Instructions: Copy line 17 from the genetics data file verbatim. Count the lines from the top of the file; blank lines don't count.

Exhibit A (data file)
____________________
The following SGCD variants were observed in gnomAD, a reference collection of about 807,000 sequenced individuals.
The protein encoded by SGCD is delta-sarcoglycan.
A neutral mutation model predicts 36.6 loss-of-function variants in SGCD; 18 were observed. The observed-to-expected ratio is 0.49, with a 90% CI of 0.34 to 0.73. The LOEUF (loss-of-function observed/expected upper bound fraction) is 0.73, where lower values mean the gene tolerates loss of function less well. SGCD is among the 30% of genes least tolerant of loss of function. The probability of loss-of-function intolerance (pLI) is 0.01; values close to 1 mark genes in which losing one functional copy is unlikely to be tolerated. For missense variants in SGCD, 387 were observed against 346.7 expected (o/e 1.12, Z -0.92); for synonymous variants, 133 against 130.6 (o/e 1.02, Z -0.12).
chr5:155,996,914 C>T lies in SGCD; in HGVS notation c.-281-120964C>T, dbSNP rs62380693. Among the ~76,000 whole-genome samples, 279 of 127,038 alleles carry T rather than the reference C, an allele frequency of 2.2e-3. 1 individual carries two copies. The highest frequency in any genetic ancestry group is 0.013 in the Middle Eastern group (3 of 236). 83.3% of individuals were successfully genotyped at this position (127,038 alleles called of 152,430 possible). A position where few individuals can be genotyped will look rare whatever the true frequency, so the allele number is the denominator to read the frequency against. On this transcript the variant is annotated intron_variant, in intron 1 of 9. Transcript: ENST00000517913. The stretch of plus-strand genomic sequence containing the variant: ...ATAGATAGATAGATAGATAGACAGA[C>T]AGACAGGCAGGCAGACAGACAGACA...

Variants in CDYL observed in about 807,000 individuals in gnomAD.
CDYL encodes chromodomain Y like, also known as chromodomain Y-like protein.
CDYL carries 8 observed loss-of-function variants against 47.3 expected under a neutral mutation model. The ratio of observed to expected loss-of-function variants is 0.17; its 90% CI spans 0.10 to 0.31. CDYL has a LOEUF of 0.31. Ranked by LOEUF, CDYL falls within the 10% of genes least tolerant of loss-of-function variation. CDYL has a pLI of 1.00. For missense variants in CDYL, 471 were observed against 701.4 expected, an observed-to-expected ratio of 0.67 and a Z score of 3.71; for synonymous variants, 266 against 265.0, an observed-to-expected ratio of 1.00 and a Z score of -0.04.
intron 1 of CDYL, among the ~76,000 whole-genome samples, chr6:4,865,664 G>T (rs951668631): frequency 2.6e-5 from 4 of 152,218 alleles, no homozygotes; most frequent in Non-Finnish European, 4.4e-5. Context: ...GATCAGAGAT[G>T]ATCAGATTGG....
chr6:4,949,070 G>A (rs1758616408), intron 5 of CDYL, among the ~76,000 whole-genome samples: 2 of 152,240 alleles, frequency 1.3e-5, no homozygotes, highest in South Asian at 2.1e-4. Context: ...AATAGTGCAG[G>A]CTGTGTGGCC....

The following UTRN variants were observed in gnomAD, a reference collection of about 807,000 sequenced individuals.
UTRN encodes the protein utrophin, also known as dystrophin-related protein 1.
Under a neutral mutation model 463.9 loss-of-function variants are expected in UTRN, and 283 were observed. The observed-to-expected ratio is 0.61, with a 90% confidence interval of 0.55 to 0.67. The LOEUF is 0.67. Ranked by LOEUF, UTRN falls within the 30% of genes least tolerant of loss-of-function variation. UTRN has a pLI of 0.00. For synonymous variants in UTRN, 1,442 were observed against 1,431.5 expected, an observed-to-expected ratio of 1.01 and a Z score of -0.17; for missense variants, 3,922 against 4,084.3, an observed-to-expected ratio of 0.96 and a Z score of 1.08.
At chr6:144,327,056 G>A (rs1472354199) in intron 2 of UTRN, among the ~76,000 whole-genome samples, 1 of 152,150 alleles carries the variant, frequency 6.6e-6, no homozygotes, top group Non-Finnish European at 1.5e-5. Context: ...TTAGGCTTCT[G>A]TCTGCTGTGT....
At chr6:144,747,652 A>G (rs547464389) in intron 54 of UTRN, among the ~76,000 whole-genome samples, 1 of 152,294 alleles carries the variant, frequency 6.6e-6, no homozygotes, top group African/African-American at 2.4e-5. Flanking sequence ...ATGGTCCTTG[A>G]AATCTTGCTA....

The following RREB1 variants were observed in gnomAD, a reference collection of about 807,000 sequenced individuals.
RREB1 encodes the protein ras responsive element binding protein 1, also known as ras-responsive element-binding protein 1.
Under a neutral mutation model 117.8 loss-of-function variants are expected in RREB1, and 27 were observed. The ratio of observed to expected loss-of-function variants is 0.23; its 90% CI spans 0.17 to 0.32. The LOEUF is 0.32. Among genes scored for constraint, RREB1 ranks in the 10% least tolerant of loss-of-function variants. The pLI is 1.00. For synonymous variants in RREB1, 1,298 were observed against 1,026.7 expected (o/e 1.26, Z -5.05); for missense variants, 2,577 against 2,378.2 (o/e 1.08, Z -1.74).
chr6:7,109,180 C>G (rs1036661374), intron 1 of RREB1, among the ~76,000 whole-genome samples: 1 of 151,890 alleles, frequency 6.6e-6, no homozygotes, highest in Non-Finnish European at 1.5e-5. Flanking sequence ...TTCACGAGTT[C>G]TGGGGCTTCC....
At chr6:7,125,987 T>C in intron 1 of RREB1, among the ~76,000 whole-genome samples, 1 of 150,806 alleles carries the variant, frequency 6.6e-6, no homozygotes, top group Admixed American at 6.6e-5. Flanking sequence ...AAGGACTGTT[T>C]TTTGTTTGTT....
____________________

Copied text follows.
Under a neutral mutation model 117.8 loss-of-function variants are expected in RREB1, and 27 were observed. The ratio of observed to expected loss-of-function variants is 0.23; its 90% CI spans 0.17 to 0.32. The LOEUF is 0.32. Among genes scored for constraint, RREB1 ranks in the 10% least tolerant of loss-of-function variants. The pLI is 1.00. For synonymous variants in RREB1, 1,298 were observed against 1,026.7 expected (o/e 1.26, Z -5.05); for missense variants, 2,577 against 2,378.2 (o/e 1.08, Z -1.74).